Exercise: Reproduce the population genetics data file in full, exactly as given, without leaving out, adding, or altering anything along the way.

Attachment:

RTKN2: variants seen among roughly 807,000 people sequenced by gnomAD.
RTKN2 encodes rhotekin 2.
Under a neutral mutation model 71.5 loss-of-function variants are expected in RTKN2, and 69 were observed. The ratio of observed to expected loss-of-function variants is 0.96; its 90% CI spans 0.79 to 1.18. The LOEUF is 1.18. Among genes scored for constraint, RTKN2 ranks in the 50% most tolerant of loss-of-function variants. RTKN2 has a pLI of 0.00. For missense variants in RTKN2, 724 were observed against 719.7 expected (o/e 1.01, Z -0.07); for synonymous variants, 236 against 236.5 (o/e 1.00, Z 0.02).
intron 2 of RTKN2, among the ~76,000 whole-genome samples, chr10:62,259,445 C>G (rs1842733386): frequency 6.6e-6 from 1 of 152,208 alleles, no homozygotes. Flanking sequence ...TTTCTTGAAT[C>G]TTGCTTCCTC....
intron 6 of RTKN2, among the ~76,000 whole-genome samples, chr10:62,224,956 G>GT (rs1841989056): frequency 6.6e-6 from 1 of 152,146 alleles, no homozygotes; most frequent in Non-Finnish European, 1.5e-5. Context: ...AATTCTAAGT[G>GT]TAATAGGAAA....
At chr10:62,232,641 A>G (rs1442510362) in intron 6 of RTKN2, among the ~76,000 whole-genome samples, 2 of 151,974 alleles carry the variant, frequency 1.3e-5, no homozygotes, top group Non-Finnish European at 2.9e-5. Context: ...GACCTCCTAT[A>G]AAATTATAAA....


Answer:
RTKN2: variants seen among roughly 807,000 people sequenced by gnomAD.
RTKN2 encodes rhotekin 2.
Under a neutral mutation model 71.5 loss-of-function variants are expected in RTKN2, and 69 were observed. The ratio of observed to expected loss-of-function variants is 0.96; its 90% CI spans 0.79 to 1.18. The LOEUF is 1.18. Among genes scored for constraint, RTKN2 ranks in the 50% most tolerant of loss-of-function variants. RTKN2 has a pLI of 0.00. For missense variants in RTKN2, 724 were observed against 719.7 expected (o/e 1.01, Z -0.07); for synonymous variants, 236 against 236.5 (o/e 1.00, Z 0.02).
intron 2 of RTKN2, among the ~76,000 whole-genome samples, chr10:62,259,445 C>G (rs1842733386): frequency 6.6e-6 from 1 of 152,208 alleles, no homozygotes. Flanking sequence ...TTTCTTGAAT[C>G]TTGCTTCCTC....
intron 6 of RTKN2, among the ~76,000 whole-genome samples, chr10:62,224,956 G>GT (rs1841989056): frequency 6.6e-6 from 1 of 152,146 alleles, no homozygotes; most frequent in Non-Finnish European, 1.5e-5. Context: ...AATTCTAAGT[G>GT]TAATAGGAAA....
At chr10:62,232,641 A>G (rs1442510362) in intron 6 of RTKN2, among the ~76,000 whole-genome samples, 2 of 151,974 alleles carry the variant, frequency 1.3e-5, no homozygotes, top group Non-Finnish European at 2.9e-5. Context: ...GACCTCCTAT[A>G]AAATTATAAA....